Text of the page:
Got all that?

It is 100% true. If you were not aware of it before, you are misinformed. If you or your family, friends or acquaintances were on social media proclaiming that the order proves Trump is Hitler, just as you suspected, without knowing the above, you are spreading fake news. If you did this while knowing the above, you are deliberately misrepresenting reality to press your misguided false narrative. Or, in the alternative, you are a rationalizing fool.

Remember, no ethical analysis can proceed without accurately establishing the answer to the question, “What’s going on here?” If one does not have the facts, one cannot perform the analysis. Answering the question incorrectly, as in “What’s going on here is that a xenophobic madman just violated the Constitutional right to the free exercise of religion!!!! ARGGGHHH!” also guarantees a flawed analysis.

You will note that the best sources for establishing the shockingly biased and unethical reportage of this event are conservative sources. This is because this right-biased alternative to the left-biased news media developed specifically for situations like this, in which the truth is deliberately skewed by political bias from the exact same people the public has been taught to trust to keep it informed. As the previous post also demonstrates, that trust is no longer warranted.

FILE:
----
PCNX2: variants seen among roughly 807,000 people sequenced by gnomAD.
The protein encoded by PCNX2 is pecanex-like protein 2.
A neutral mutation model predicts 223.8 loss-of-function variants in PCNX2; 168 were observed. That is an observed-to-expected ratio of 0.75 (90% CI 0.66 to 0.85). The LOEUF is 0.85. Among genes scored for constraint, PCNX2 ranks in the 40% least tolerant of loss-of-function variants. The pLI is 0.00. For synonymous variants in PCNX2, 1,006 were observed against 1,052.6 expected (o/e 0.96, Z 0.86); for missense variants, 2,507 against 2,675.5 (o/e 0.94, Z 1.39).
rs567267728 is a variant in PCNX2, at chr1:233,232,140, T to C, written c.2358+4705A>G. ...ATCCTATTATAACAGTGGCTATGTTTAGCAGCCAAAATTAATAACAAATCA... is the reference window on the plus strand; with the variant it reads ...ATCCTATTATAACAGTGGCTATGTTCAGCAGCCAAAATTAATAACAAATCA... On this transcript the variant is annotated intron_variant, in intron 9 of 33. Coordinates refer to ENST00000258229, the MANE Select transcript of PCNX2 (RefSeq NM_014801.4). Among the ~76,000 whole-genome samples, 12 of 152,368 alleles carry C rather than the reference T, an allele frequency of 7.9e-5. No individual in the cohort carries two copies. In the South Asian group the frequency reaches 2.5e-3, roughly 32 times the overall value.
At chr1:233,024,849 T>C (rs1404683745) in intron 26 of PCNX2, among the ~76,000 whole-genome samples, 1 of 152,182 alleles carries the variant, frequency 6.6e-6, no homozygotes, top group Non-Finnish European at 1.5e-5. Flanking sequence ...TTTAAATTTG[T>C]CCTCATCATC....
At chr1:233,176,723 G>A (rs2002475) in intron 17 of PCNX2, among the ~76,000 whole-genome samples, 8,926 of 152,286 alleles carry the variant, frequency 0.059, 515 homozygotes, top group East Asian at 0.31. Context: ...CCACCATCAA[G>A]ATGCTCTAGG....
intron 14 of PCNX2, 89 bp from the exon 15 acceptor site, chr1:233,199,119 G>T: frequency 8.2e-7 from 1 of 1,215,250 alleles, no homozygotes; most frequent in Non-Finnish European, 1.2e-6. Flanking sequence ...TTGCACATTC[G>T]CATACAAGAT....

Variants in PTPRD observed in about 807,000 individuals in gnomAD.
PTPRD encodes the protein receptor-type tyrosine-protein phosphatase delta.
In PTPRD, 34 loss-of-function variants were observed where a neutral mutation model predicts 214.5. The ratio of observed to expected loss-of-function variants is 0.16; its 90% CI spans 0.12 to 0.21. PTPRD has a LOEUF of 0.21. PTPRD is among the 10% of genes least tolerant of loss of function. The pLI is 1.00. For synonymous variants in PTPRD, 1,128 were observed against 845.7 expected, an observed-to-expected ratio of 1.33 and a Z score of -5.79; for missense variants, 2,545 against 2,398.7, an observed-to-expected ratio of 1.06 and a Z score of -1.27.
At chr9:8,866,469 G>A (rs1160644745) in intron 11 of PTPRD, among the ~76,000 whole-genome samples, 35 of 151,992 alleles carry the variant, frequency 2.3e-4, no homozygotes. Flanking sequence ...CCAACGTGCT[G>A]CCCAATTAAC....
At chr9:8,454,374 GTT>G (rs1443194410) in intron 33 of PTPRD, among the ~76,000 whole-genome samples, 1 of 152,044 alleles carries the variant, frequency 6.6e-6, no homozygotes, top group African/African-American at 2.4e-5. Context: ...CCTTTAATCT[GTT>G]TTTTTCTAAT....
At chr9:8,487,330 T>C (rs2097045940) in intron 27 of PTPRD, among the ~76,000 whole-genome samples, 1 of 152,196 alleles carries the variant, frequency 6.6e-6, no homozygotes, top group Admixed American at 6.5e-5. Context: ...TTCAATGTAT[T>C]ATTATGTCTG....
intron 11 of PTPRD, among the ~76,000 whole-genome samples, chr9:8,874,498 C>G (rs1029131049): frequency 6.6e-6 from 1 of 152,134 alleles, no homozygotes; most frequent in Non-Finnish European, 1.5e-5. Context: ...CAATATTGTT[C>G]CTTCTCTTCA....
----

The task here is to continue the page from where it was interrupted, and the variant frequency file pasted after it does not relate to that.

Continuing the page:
Right up front, I want to credit Prof. William Jacobson of Cornell Law School. Every single news source had an obligation to include the information he researched and posted on his blog, but none did.  Now, some details:

1. Read the order itself. Scroll past it if you want to my commentary, but as the professor says, “You should read the actual EO, because most of the media and leftist pundits either have not or are lying if they have.” It is long; I have formatted it for easier reading, but it is long. Nonetheless, the news media have proven beyond, not just a reasonable doubt but the shadow of a doubt that its journalists cannot be trusted to digest this kind of document and relay it truthfully.